The purpose of these scholarships is to foster communication and the exchange of ideas...

Alfred Knobler was born in the Bronx, New York City, in 1915. His mother emigrated from Hungary in 1888, and his father emigrated from Poland in 1882. When Mr. Knobler was five, his father lost his job. During the Depression, Mr. Knobler saw men and women on the street corners selling apples. Mr. Knobler stated, "As we made our way into the 1930s, for poor people, and for most people, desperation was the grim reality. However, he and his family persevered, and in 1934, Mr. Knobler entered Virginia Tech, then called Virginia Polytechnic Institute (VPI). At this time, Julian A. Burruss was the university president, Earle Norris was the dean of engineering, and John Whittemore was the head of the Department of Ceramic Engineering.

An important event which would significantly influence Mr. Knobler occurred between 1920 and 1927. Two Italian immigrants, Nicola Sacco and Bartolomeo Vanzetti, were arrested in 1920 on the charge of two counts of murder. Nicolo Sacco was a shoe worker around Boston, and Bartolomeo Vanzetti was a restaurant worker and laborer, and when he settled in Plymouth, Massachusetts, he eventually fish peddler. These two men were both radical idealists active in labor struggles. When they were arrested in 1920, there was public outcry that the two were being persecuted because of their outspoken labor ideals. For 7 years, there were trials, appeals, petitions, examinations, and mass meetings. On August 1927, Sacco and Vanzetti were executed. Today, practically no one who studies their case believes that they were guilty.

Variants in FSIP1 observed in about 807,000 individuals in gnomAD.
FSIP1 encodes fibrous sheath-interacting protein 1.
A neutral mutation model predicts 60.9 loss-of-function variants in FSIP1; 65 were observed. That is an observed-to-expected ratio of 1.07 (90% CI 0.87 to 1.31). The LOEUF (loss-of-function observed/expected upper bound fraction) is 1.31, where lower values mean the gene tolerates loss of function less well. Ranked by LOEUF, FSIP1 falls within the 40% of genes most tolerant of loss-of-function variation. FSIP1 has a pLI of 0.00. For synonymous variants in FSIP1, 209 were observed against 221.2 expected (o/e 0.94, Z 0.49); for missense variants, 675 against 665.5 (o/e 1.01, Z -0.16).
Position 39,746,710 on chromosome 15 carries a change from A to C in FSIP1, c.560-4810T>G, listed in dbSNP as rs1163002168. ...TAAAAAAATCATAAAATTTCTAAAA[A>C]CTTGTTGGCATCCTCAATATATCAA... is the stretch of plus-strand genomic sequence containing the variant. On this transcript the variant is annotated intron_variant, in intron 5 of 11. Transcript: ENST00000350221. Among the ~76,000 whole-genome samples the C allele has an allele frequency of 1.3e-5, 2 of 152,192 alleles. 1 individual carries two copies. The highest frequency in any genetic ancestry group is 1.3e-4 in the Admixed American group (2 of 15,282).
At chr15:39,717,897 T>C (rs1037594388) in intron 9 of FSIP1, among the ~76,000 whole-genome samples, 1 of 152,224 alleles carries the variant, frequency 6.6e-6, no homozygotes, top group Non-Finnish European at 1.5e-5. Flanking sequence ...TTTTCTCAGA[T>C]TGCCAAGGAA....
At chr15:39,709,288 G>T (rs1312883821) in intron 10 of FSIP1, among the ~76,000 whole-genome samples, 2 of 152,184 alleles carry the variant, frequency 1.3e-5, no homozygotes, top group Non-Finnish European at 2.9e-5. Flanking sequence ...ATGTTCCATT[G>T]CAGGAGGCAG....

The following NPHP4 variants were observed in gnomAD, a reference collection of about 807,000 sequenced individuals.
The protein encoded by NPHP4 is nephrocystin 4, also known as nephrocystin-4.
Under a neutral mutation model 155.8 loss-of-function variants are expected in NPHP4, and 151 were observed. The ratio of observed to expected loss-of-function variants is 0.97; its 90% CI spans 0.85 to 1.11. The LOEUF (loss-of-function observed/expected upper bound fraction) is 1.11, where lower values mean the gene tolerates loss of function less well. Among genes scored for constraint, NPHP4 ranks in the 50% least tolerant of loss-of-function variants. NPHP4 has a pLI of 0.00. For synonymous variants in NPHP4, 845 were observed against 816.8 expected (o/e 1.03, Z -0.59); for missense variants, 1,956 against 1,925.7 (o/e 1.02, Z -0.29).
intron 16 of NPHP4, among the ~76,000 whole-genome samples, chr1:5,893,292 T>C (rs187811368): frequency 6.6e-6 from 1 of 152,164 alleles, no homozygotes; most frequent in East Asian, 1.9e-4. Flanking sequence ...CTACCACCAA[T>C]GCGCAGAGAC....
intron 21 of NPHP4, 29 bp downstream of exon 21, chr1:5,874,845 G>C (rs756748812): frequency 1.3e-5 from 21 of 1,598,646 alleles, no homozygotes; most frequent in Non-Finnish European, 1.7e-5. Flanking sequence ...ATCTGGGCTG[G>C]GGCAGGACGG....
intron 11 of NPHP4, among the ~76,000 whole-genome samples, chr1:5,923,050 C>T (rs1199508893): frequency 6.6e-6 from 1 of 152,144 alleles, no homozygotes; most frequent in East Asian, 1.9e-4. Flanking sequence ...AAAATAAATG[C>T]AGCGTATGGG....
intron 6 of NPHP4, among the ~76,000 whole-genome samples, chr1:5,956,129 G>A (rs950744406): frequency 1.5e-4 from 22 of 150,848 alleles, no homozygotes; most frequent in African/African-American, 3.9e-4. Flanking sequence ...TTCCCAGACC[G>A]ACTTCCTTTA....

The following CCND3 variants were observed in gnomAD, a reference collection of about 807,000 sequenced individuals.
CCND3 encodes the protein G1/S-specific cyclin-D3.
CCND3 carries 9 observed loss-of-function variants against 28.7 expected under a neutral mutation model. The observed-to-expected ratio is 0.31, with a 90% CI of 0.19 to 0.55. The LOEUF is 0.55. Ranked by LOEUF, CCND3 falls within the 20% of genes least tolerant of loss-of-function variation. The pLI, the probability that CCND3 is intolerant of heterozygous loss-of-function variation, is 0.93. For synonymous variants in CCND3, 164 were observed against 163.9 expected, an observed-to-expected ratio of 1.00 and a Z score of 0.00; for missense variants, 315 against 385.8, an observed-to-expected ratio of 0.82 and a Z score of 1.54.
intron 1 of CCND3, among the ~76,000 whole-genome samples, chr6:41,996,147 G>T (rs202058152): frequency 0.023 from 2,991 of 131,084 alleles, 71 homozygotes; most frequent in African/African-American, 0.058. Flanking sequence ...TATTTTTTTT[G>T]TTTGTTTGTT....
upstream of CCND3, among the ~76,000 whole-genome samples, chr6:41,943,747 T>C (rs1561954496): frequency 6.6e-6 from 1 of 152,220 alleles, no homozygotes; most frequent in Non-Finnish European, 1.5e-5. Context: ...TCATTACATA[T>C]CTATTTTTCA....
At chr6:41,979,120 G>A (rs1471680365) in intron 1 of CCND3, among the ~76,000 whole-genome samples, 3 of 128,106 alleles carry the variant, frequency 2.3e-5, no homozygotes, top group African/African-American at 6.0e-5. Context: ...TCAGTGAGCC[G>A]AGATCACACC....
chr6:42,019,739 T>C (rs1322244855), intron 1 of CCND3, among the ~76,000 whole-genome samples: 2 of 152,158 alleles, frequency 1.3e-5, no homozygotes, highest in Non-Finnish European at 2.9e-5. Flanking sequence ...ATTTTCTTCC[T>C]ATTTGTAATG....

The effect of the Sacco and Vanzetti case on Mr. Knobler was that he became very active in trying to protect an individual's right to free speech. In a letter to VPI professors who had signed a statement supporting the House Committee on Un-American Activities (1961), Mr. Knobler stated that "Teachers should be in the front line of those demanding 'freedom to think' lest they turn out rubber stamps instead of inquiring students living in an atmosphere which permits democratic dissent."

Mr. Knobler graduated from Virginia Tech in 1938 with a bachelor's degree in Ceramic Engineering. This was at the time of the Depression, so jobs were scarce. Mr. Knobler hitchhiked from the Bronx to Tennessee because he had heard of a porcelain factory in Chattanooga. On the way back, he was picked up by a driver who gave him some insightful advice. The driver told him, "You oughtta sell something. You talk good."

"Teachers should be in the front line of those demanding 'freedom to think'..."

Mr. Knobler took this advice to heart, and when he arrived home, he wrote 75 letters to different ceramic and glass factories in New Jersey. He eventually landed a job with Trenton Potteries, working on commission. His salary was $35 a week, which was unheard of when the normal weekly income was $10-$12 a week.